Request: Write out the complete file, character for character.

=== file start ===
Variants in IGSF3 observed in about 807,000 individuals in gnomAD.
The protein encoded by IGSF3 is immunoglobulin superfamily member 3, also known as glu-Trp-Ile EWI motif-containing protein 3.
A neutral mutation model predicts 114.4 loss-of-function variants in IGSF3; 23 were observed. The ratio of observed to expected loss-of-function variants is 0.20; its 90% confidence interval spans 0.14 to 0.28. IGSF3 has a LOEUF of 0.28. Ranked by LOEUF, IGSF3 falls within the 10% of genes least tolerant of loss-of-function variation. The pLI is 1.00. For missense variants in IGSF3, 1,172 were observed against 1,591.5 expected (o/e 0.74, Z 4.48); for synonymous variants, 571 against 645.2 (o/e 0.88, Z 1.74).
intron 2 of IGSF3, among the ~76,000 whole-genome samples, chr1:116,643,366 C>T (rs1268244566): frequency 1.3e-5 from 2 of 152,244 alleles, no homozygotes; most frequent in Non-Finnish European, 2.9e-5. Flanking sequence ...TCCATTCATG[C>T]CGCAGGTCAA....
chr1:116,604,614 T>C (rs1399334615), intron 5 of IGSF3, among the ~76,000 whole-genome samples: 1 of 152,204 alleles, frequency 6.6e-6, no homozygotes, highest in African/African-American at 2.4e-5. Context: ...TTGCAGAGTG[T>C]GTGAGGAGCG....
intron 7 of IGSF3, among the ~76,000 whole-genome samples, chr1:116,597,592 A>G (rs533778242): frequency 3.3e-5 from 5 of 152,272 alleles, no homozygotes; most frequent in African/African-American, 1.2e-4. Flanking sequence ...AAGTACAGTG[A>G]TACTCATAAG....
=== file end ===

Variants in IGSF3 observed in about 807,000 individuals in gnomAD.
The protein encoded by IGSF3 is immunoglobulin superfamily member 3, also known as glu-Trp-Ile EWI motif-containing protein 3.
A neutral mutation model predicts 114.4 loss-of-function variants in IGSF3; 23 were observed. The ratio of observed to expected loss-of-function variants is 0.20; its 90% confidence interval spans 0.14 to 0.28. IGSF3 has a LOEUF of 0.28. Ranked by LOEUF, IGSF3 falls within the 10% of genes least tolerant of loss-of-function variation. The pLI is 1.00. For missense variants in IGSF3, 1,172 were observed against 1,591.5 expected (o/e 0.74, Z 4.48); for synonymous variants, 571 against 645.2 (o/e 0.88, Z 1.74).
intron 2 of IGSF3, among the ~76,000 whole-genome samples, chr1:116,643,366 C>T (rs1268244566): frequency 1.3e-5 from 2 of 152,244 alleles, no homozygotes; most frequent in Non-Finnish European, 2.9e-5. Flanking sequence ...TCCATTCATG[C>T]CGCAGGTCAA....
chr1:116,604,614 T>C (rs1399334615), intron 5 of IGSF3, among the ~76,000 whole-genome samples: 1 of 152,204 alleles, frequency 6.6e-6, no homozygotes, highest in African/African-American at 2.4e-5. Context: ...TTGCAGAGTG[T>C]GTGAGGAGCG....
intron 7 of IGSF3, among the ~76,000 whole-genome samples, chr1:116,597,592 A>G (rs533778242): frequency 3.3e-5 from 5 of 152,272 alleles, no homozygotes; most frequent in African/African-American, 1.2e-4. Flanking sequence ...AAGTACAGTG[A>G]TACTCATAAG....